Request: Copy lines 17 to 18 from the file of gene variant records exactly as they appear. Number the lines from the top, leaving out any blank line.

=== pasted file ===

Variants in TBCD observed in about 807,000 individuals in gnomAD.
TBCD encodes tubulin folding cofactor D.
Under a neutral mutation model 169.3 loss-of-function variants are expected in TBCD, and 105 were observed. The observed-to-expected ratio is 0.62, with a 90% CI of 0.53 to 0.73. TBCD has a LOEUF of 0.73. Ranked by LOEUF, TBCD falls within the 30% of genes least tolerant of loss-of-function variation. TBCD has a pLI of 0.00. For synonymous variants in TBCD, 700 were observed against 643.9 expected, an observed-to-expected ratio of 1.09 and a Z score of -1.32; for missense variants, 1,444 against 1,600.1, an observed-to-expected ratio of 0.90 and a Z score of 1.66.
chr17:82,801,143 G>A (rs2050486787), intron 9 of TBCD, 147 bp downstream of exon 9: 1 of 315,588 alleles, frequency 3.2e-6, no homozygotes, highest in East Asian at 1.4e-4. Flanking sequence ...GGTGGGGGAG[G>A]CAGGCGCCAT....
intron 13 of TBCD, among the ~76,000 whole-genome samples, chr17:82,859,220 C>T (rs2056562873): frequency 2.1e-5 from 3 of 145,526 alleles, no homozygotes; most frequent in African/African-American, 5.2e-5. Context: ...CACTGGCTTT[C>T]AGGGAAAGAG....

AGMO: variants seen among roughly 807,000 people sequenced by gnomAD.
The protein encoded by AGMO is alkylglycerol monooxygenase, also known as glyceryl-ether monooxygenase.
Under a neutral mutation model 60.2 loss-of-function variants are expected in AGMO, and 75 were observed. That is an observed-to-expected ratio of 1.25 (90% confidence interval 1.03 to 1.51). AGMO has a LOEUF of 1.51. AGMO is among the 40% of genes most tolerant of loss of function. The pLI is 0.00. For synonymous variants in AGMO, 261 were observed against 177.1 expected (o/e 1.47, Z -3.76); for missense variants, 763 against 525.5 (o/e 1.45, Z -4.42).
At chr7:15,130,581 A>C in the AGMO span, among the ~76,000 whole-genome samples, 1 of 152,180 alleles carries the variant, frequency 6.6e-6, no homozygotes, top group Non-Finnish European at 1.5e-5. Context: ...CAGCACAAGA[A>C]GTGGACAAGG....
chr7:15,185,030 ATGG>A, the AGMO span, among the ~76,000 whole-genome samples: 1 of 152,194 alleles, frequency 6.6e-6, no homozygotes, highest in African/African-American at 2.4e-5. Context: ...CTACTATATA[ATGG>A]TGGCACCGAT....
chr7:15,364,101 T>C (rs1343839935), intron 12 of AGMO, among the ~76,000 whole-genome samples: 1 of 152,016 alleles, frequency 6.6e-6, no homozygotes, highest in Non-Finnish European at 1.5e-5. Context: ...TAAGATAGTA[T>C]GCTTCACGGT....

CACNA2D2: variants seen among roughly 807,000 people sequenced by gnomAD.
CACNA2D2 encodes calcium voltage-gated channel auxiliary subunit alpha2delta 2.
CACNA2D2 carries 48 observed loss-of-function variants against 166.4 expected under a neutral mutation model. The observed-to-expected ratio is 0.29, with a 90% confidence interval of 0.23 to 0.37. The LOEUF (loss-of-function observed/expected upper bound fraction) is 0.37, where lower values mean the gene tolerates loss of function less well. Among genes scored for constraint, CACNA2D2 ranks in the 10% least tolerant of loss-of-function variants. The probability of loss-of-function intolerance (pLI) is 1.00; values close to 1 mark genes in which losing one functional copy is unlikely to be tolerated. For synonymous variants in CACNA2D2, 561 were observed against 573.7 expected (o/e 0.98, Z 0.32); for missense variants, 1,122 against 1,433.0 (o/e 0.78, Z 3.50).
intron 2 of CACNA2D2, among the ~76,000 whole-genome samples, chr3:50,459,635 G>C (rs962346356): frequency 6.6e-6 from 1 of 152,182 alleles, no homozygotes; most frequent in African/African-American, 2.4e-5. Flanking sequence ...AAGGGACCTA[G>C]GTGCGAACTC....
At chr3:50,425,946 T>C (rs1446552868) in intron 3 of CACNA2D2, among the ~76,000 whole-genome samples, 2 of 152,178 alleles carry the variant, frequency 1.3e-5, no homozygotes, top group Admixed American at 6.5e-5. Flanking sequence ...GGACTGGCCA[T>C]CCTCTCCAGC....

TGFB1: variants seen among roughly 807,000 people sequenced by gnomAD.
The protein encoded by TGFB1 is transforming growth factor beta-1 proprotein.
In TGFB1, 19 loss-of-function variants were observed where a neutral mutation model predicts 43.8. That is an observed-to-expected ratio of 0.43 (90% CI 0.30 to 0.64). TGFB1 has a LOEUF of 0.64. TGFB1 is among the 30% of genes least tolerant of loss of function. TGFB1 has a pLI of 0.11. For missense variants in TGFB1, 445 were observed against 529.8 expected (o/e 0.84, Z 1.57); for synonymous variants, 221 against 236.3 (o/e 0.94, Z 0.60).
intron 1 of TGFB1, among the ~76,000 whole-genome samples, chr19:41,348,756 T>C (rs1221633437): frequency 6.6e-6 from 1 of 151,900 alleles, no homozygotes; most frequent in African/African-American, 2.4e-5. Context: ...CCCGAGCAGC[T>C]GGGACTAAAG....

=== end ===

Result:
TGFB1: variants seen among roughly 807,000 people sequenced by gnomAD.
The protein encoded by TGFB1 is transforming growth factor beta-1 proprotein.